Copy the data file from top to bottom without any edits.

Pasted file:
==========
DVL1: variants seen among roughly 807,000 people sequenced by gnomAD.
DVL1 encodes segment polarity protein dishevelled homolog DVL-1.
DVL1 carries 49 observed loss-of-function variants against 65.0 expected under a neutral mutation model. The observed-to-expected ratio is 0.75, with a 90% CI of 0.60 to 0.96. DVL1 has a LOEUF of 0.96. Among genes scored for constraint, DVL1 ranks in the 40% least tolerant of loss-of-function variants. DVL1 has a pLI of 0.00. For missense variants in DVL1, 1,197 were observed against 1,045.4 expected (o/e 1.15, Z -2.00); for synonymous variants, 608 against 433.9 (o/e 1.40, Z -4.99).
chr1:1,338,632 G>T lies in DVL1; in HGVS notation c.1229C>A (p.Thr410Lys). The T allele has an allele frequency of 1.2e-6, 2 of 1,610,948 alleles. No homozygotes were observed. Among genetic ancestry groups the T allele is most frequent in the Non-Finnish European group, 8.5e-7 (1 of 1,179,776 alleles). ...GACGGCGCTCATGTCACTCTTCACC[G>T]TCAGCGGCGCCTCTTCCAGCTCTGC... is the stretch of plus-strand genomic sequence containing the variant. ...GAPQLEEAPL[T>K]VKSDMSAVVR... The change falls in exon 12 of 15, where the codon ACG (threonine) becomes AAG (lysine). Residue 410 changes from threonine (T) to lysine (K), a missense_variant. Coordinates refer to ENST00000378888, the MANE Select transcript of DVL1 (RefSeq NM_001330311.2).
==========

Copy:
DVL1: variants seen among roughly 807,000 people sequenced by gnomAD.
DVL1 encodes segment polarity protein dishevelled homolog DVL-1.
DVL1 carries 49 observed loss-of-function variants against 65.0 expected under a neutral mutation model. The observed-to-expected ratio is 0.75, with a 90% CI of 0.60 to 0.96. DVL1 has a LOEUF of 0.96. Among genes scored for constraint, DVL1 ranks in the 40% least tolerant of loss-of-function variants. DVL1 has a pLI of 0.00. For missense variants in DVL1, 1,197 were observed against 1,045.4 expected (o/e 1.15, Z -2.00); for synonymous variants, 608 against 433.9 (o/e 1.40, Z -4.99).
chr1:1,338,632 G>T lies in DVL1; in HGVS notation c.1229C>A (p.Thr410Lys). The T allele has an allele frequency of 1.2e-6, 2 of 1,610,948 alleles. No homozygotes were observed. Among genetic ancestry groups the T allele is most frequent in the Non-Finnish European group, 8.5e-7 (1 of 1,179,776 alleles). ...GACGGCGCTCATGTCACTCTTCACC[G>T]TCAGCGGCGCCTCTTCCAGCTCTGC... is the stretch of plus-strand genomic sequence containing the variant. ...GAPQLEEAPL[T>K]VKSDMSAVVR... The change falls in exon 12 of 15, where the codon ACG (threonine) becomes AAG (lysine). Residue 410 changes from threonine (T) to lysine (K), a missense_variant. Coordinates refer to ENST00000378888, the MANE Select transcript of DVL1 (RefSeq NM_001330311.2).